Notre Dame burning is not simply shocking but tragic. A cathedral which stood for more than 800 years ends up being tinder and in a few hours the iconic steeple has fallen and the roof has caved in to leave it a shell of its former self. There is no way to speak of this profound loss to Roman Catholicism, to Christianity, and to France. That said, what Notre Dame stands for was long ago lost to France and it's fire burned image only highlights the sad state of affairs for the Christian faith there.
I am confident that my words will be echoed by those who grieve not simply for the loss of a building but for the faith in a nation where history had woven together the fate of the people with a Christian identity. Europe has been on a deliberate march toward a post-Christian society that has been remarkably successful according to research that has shown a majority of young people in a dozen
countries have no religion. Majorities of the young do not attend religious services or pray or even identify as religious and France is among the top 8 most secular nations according to recent surveys.
Though there is some anecdotal evidence of a religious revival in France, 53 percent of citizens identify as Catholic, less than 5 percent regularly attend Mass, according to a recent poll conducted by Ipsos and reported by the Catholic newspaper La Croix. Priestly vocations are pathetic though some would suggest that they are not declining like they once were -- hardly much of an encouragement in a nation in which many priests are still actively serving even into their late 70s. How will renewal happen without priests to lead? Even with those who identify as Roman Catholics (culturally, at least), the distance between these and their Church on Sunday morning does not encourage the idea of renewal. Christian identity remains stronger outside of France (in Italy, as one example, where nearly a third of the population believes the faith is very important to their national identity).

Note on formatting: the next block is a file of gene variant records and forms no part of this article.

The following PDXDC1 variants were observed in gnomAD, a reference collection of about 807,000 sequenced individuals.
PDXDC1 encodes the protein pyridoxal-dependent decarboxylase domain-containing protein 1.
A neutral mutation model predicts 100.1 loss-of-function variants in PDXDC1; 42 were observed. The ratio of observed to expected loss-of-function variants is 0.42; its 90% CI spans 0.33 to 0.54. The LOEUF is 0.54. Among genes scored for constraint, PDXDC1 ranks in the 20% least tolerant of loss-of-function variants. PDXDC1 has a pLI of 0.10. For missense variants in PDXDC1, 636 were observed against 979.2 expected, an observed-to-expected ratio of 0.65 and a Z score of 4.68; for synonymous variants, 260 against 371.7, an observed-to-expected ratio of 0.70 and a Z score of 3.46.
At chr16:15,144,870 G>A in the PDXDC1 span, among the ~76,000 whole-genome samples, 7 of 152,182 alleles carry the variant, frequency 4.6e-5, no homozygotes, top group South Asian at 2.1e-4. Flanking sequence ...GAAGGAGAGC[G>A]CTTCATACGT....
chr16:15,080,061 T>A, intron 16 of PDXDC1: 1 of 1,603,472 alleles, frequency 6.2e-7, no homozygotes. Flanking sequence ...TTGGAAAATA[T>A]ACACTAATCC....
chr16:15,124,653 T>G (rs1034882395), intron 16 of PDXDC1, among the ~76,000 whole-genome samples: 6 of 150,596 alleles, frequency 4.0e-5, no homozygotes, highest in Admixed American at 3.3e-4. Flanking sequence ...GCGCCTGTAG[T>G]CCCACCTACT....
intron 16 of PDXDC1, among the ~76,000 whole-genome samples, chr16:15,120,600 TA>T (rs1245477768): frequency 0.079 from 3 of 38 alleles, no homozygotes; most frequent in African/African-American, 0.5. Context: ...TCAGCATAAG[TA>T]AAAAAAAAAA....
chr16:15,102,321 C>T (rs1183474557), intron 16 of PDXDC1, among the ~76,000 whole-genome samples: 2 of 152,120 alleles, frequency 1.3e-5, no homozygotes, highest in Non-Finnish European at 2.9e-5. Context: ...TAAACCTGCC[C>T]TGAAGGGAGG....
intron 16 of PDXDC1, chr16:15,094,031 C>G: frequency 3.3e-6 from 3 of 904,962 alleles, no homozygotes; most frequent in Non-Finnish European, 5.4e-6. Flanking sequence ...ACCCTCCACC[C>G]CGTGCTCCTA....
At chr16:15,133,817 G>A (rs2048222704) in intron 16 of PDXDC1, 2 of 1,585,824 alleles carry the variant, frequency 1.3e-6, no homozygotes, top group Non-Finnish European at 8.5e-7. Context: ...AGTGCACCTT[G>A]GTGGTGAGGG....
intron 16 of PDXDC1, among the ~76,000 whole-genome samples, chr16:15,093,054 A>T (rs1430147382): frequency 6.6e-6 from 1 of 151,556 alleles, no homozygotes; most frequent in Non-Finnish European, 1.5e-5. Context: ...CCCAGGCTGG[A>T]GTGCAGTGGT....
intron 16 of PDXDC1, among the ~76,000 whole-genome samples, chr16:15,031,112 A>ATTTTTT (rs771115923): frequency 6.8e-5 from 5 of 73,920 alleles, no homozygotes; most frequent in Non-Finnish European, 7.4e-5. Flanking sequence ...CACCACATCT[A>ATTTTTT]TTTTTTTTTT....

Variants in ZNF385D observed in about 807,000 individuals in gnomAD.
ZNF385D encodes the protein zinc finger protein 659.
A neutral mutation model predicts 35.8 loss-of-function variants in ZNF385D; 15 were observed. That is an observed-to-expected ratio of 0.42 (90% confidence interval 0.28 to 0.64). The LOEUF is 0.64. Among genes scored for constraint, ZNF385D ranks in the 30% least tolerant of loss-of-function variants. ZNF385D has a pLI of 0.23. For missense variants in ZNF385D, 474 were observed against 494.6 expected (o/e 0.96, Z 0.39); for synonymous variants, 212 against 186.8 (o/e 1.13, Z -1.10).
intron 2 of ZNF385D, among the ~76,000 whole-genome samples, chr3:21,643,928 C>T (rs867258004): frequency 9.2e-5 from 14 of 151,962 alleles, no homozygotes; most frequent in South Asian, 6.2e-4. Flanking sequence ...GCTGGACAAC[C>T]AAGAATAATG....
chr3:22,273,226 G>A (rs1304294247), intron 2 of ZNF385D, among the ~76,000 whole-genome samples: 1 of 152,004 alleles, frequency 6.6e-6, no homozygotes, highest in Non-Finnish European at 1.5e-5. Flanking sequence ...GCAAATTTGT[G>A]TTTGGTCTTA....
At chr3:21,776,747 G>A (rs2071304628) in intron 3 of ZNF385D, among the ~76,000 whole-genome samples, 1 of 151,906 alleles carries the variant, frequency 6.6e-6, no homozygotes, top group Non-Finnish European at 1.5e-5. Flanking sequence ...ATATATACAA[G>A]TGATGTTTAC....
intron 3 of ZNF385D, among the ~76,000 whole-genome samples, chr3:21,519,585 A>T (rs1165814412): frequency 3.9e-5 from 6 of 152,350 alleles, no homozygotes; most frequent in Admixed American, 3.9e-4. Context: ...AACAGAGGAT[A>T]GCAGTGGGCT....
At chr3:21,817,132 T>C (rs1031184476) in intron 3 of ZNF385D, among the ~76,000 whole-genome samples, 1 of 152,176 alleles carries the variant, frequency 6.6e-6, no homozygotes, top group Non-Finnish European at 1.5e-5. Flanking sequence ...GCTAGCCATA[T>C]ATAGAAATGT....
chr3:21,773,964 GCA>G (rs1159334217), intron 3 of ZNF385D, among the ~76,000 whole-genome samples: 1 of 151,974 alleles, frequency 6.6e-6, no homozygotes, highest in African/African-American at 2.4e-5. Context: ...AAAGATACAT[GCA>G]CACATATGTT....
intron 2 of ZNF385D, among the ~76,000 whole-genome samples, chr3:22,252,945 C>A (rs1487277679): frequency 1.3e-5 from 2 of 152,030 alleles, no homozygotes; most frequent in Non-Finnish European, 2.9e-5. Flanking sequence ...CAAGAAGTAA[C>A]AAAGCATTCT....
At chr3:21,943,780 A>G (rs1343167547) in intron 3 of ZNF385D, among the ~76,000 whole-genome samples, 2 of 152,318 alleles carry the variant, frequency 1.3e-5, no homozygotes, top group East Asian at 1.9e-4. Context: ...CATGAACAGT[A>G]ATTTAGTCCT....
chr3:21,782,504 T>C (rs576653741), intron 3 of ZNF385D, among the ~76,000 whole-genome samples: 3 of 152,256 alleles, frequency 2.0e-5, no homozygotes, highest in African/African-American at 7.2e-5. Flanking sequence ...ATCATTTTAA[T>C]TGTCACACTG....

The most interest in religion is France was sparked by politics more than theology. Since 1905, the government is supposedly neutral toward religion. Since 1912, Islam has been legally recognized though no one would dare to suggest that Islam has received a warm welcome or instant acceptance among the French, whether they are religious French or not. Only 120 some priests were ordained across the whole of France last year and about a fifth of them ordained belong to traditionalist communities. Half of the dioceses did not ordain even one priest in 2018.
So if you grieve a building, you must first of all grieve the loss of Christianity and if you are sad to see such an icon be destroyed then you must also grieve the loss of what was iconed -- orthodox Christianity. It will be a monumental task to rebuild Notre Dame but the restoration of a building is still easier than recovering the faith and restoring a deep and profound Christian character to the nation. So if we pray for a building today, let us pray even more fervently for the renewal of orthodox and catholic Christianity or we will be left with a monument to what was -- instead of a voice and a community in testimony of what is and will be. . .